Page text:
Over the next couple of days, Wilder received a bevy of criticism from enraged Patriots fans. Some of it, disgustingly, took a sexist turn.

“Today was exhausting but the support and kindness I received from friends and strangers restored the faith in humanity that others took away,” Wilder wrote last Thursday. “The internet as a woman can be ugly, but I’m not shutting up anytime soon. I appreciate you.”

On K&C Tuesday, Kirk Minihane said he thinks it’s shallow for Wilder to insinuate she was disparaged because of her gender.

“The predictability of writing a dumb story and then hiding behind it like she did, though, I knew this was so obviously going to happen,” he said. “She took some heat, which she deserved, and then I knew she was immediately going to play the ‘people are being mean to me because I’m a woman’ card. I knew that was coming.”

In response, Comcast SportsNet’s Trenni Kusnierek, who was sitting in as the third host, said she understands why Wilder was so distraught.

“They’re not just mean tweets,” she said. “One of these: ‘This was the worst story ever, besides BuzzFeed. I would say you get cancer, but yikes, the face on you, honey.’ Then he goes on to say, ‘I hope this mother of yours gets cancer.’ Is that really necessary?”

It’s not necessary, but unfortunately it’s a part of the job –– especially after writing a provocative piece. Take a look at Dan Shaughnessy’s mentions once in a while. There’s plenty of venom to go around.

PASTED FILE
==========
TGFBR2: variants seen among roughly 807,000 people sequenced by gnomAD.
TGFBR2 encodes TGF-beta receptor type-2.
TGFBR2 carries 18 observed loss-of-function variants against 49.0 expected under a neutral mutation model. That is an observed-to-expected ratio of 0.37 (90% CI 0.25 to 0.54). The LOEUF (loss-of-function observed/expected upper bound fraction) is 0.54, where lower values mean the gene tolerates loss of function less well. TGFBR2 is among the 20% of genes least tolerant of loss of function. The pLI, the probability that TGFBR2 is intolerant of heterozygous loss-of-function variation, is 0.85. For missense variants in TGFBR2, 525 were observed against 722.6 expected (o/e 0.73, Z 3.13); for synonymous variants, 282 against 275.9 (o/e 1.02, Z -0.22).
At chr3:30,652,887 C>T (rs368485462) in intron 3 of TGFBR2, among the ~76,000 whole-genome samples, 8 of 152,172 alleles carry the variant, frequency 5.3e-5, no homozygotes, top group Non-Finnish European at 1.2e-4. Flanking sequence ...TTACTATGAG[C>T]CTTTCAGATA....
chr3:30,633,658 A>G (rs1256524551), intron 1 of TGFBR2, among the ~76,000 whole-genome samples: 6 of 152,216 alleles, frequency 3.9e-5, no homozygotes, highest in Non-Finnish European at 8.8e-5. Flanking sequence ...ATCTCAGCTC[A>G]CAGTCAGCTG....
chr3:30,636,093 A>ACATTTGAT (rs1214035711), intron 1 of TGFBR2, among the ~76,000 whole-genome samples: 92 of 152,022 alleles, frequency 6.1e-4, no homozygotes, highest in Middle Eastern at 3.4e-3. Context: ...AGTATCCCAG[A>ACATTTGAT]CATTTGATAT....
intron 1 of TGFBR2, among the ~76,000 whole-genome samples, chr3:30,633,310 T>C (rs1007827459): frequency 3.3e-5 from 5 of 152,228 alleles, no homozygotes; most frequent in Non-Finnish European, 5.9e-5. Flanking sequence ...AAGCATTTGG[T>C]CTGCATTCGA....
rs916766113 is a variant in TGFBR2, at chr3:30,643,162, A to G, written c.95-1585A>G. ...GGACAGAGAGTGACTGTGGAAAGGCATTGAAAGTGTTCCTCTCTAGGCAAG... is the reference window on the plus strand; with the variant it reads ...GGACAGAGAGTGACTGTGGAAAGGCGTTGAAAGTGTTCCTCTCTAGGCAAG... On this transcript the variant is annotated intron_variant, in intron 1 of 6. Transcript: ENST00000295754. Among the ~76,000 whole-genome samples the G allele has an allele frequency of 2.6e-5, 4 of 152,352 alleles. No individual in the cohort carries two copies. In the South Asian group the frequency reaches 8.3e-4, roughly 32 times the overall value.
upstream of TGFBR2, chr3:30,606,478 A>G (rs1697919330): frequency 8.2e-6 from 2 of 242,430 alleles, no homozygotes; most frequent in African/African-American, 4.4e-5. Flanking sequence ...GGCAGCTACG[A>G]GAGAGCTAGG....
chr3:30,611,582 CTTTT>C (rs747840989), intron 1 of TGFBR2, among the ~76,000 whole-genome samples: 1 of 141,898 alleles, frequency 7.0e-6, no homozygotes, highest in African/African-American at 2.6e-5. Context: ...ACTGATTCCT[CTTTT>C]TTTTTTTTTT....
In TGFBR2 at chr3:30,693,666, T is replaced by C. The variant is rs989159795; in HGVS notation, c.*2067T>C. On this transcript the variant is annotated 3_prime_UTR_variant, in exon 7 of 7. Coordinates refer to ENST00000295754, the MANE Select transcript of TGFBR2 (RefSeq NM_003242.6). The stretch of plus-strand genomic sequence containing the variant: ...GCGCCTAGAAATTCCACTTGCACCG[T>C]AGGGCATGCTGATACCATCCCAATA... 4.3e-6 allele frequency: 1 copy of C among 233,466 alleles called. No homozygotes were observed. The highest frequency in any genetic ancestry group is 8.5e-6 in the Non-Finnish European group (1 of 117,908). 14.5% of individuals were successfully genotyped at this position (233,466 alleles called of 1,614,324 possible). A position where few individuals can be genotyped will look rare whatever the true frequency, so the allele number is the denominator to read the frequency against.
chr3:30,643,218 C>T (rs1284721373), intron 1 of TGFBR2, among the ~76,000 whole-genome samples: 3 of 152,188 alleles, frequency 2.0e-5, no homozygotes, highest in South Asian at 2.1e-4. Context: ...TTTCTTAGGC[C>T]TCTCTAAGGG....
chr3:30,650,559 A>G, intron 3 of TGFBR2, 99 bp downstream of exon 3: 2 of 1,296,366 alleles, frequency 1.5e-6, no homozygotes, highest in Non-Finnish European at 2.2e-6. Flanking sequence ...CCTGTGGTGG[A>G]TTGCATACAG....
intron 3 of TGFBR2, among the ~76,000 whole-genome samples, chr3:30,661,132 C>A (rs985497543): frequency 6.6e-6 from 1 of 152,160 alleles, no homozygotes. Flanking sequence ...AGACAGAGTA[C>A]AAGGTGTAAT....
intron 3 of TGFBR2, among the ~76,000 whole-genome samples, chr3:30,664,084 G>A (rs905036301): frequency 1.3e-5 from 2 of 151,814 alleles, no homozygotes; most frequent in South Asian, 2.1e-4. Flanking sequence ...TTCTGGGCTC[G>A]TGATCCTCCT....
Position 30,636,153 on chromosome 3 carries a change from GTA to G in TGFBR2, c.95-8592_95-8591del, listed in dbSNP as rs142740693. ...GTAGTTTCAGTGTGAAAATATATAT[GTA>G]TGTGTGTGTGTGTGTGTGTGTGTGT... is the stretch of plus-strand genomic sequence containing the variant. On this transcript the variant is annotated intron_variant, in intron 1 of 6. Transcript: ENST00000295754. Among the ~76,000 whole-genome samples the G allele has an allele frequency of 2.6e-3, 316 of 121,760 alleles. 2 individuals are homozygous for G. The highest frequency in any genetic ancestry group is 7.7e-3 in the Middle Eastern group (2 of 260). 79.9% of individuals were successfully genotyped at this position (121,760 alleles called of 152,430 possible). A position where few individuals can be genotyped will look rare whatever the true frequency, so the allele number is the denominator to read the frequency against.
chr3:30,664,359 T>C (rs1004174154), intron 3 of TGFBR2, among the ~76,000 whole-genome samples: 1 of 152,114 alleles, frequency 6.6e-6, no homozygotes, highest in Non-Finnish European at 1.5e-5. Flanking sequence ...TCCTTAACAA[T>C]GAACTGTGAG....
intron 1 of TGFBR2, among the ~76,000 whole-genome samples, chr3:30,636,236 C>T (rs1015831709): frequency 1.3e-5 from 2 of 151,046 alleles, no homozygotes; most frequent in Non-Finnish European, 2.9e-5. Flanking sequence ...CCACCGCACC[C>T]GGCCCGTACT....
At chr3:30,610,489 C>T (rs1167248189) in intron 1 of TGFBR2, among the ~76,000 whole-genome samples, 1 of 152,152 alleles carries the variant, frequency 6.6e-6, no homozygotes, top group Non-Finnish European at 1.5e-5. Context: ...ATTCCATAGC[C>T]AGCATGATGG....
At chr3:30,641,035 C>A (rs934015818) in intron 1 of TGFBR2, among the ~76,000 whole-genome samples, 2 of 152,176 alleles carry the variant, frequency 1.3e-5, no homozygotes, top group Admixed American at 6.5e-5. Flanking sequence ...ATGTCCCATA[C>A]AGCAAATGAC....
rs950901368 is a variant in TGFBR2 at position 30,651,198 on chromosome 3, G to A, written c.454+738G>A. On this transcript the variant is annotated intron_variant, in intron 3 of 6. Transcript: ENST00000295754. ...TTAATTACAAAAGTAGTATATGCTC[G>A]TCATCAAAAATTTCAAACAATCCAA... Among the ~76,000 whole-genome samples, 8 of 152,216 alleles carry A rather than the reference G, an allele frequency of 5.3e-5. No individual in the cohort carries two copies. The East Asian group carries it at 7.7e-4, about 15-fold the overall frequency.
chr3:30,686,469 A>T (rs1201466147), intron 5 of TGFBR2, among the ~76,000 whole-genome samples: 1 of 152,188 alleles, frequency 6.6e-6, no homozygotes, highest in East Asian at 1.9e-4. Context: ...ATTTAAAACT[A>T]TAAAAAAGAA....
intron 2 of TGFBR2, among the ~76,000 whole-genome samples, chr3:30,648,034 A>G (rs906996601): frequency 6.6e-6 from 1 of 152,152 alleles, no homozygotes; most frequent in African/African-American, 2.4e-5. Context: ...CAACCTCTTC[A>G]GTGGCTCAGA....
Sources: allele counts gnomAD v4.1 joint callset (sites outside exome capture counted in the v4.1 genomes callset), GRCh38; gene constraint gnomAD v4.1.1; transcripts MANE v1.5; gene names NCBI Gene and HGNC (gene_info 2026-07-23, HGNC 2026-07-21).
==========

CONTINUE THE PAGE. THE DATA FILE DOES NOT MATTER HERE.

Last year, “Just Not Sports” released a PSA that highlights the harassment women sports journalists face online. In it, actors read mean tweets directed towards ESPN’s Sarah Spain and Chicago-based broadcaster Julie DiCaro, both of whom have been outspoken about this issue.

What the video doesn’t mention, however, is the reach of the people who tweet vile and sexist comments at Spain and DiCaro. From my experience, the majority of Twitter trolls have faceless avatars and less than a dozen followers. Their irrelevance doesn’t make their actions right, but it puts it in perspective. They don’t matter.

In a recent conversation with me, Doris Burke, who’s now one of ESPN’s lead NBA analysts, echoed those sentiments. She said she’s tried to block out the noise to the best of her abilities, instead focusing on gaining respect from her peers.

“The players and coaches have been nothing but accepting of me from the very first time I broadcasted their games,” she said. “I’ve had a couple along the way, including an NBA official, who admitted to a little bit of skepticism when they first saw and heard me on the game. But this person quickly followed that with, ‘But then I listened to what you had to say.’ And I realized, ‘She knows what she’s talking about.’”

Perhaps one day, people will stop making derogatory comments online. But until they do, the best tactic is to ignore the trolls. They’re not worth the attention.

Blog Author: 
Alex Reimer
Glenn, Lou and Christian talk about Aaron Rodgers, who has been on fire to close out the season, and how he compares to Tom Brady and the rest of the top quarterbacks of all time.
Everyone's talking about Antonio Brown live-streaming the Steelers team's post game speech after their win over the Chiefs. We hear from Edelman, Hightower, Brady and a few Steelers.